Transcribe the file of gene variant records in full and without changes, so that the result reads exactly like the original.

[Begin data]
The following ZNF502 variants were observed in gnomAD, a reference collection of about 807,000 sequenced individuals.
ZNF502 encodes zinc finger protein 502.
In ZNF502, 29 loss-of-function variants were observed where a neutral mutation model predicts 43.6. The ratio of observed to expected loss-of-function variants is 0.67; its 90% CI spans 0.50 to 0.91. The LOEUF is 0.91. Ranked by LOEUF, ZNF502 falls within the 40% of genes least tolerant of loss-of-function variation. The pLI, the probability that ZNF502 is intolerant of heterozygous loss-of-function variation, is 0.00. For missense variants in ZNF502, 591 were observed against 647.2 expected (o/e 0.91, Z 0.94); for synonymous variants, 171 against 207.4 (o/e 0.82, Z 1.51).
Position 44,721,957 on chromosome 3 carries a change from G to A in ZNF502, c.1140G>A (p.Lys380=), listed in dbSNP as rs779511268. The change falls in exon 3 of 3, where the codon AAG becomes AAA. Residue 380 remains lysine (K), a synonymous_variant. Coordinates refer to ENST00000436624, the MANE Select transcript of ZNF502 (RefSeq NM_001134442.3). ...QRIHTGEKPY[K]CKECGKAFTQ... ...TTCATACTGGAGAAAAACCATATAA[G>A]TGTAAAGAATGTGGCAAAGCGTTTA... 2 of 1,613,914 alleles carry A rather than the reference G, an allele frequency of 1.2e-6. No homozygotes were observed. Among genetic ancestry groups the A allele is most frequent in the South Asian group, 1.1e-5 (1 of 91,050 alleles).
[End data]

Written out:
The following ZNF502 variants were observed in gnomAD, a reference collection of about 807,000 sequenced individuals.
ZNF502 encodes zinc finger protein 502.
In ZNF502, 29 loss-of-function variants were observed where a neutral mutation model predicts 43.6. The ratio of observed to expected loss-of-function variants is 0.67; its 90% CI spans 0.50 to 0.91. The LOEUF is 0.91. Ranked by LOEUF, ZNF502 falls within the 40% of genes least tolerant of loss-of-function variation. The pLI, the probability that ZNF502 is intolerant of heterozygous loss-of-function variation, is 0.00. For missense variants in ZNF502, 591 were observed against 647.2 expected (o/e 0.91, Z 0.94); for synonymous variants, 171 against 207.4 (o/e 0.82, Z 1.51).
Position 44,721,957 on chromosome 3 carries a change from G to A in ZNF502, c.1140G>A (p.Lys380=), listed in dbSNP as rs779511268. The change falls in exon 3 of 3, where the codon AAG becomes AAA. Residue 380 remains lysine (K), a synonymous_variant. Coordinates refer to ENST00000436624, the MANE Select transcript of ZNF502 (RefSeq NM_001134442.3). ...QRIHTGEKPY[K]CKECGKAFTQ... ...TTCATACTGGAGAAAAACCATATAA[G>A]TGTAAAGAATGTGGCAAAGCGTTTA... 2 of 1,613,914 alleles carry A rather than the reference G, an allele frequency of 1.2e-6. No homozygotes were observed. Among genetic ancestry groups the A allele is most frequent in the South Asian group, 1.1e-5 (1 of 91,050 alleles).